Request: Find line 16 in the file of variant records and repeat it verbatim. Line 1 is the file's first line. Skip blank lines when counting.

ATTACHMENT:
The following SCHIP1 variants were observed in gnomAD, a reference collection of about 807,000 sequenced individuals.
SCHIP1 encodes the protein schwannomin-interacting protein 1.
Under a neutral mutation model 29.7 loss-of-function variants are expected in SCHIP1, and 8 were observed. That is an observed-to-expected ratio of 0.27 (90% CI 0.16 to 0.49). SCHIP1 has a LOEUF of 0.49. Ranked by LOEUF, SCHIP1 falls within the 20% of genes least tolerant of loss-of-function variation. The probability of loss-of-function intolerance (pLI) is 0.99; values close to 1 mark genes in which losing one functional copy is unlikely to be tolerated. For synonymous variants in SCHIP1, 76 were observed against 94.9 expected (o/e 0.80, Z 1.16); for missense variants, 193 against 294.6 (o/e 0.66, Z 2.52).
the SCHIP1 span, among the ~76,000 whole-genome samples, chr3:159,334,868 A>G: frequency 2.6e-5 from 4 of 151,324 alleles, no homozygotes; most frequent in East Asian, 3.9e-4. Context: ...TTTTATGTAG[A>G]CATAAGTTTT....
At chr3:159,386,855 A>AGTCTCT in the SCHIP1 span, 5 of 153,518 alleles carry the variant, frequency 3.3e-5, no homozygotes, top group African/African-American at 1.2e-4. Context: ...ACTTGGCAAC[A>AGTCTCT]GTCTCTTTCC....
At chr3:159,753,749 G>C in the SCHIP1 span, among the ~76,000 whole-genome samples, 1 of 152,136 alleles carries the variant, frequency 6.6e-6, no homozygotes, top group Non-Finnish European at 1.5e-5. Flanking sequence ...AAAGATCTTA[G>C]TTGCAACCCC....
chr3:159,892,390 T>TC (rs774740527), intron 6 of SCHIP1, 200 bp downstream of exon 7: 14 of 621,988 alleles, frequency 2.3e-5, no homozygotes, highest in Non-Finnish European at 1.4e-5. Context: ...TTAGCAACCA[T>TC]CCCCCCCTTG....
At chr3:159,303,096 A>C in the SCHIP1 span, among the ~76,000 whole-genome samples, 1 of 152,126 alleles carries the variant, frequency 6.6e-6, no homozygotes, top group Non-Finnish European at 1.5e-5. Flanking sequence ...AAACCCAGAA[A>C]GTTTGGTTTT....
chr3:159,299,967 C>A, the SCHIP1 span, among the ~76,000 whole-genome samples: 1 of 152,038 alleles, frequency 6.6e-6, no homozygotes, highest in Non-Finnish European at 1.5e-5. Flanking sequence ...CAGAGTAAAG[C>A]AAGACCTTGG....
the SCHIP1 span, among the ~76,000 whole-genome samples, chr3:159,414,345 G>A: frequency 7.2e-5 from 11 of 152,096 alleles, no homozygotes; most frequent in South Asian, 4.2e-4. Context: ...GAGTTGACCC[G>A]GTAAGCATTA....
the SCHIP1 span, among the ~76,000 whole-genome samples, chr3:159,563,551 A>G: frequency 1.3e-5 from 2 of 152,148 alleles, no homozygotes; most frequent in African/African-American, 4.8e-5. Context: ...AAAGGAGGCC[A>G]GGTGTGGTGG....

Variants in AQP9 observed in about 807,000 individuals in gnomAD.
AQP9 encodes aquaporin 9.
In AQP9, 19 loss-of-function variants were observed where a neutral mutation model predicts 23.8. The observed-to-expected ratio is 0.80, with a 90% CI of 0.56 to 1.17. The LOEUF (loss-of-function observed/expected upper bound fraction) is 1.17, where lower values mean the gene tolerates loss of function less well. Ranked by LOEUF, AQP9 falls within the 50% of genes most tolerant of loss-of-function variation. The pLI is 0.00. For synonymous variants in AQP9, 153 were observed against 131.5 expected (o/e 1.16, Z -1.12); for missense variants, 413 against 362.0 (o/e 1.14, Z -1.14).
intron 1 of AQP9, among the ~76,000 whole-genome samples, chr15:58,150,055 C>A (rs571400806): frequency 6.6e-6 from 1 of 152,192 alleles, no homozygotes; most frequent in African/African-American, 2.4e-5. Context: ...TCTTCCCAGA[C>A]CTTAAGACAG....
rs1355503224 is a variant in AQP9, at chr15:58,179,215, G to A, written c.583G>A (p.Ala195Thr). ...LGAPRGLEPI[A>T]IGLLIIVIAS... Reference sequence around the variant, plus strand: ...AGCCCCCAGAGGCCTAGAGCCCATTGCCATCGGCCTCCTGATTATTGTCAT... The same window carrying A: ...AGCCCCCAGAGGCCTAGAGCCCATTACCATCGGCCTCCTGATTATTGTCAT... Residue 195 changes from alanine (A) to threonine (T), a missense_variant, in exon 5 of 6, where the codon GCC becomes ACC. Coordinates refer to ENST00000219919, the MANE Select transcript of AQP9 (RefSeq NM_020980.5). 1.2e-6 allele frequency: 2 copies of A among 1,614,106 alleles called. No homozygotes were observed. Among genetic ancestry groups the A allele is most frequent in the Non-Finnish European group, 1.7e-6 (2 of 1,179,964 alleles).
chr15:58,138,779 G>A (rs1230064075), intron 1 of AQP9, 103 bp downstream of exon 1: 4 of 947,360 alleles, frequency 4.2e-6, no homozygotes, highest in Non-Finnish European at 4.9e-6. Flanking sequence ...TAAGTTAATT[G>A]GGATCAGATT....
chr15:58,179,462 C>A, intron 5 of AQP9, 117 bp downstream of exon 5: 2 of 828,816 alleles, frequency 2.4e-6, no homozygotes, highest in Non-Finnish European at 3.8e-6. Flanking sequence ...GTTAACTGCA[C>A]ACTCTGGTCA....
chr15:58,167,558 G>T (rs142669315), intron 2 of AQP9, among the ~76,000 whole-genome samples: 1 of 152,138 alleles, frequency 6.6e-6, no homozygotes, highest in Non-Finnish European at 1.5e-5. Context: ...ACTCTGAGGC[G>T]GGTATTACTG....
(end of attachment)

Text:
rs1355503224 is a variant in AQP9, at chr15:58,179,215, G to A, written c.583G>A (p.Ala195Thr). ...LGAPRGLEPI[A>T]IGLLIIVIAS... Reference sequence around the variant, plus strand: ...AGCCCCCAGAGGCCTAGAGCCCATTGCCATCGGCCTCCTGATTATTGTCAT... The same window carrying A: ...AGCCCCCAGAGGCCTAGAGCCCATTACCATCGGCCTCCTGATTATTGTCAT... Residue 195 changes from alanine (A) to threonine (T), a missense_variant, in exon 5 of 6, where the codon GCC becomes ACC. Coordinates refer to ENST00000219919, the MANE Select transcript of AQP9 (RefSeq NM_020980.5). 1.2e-6 allele frequency: 2 copies of A among 1,614,106 alleles called. No homozygotes were observed. Among genetic ancestry groups the A allele is most frequent in the Non-Finnish European group, 1.7e-6 (2 of 1,179,964 alleles).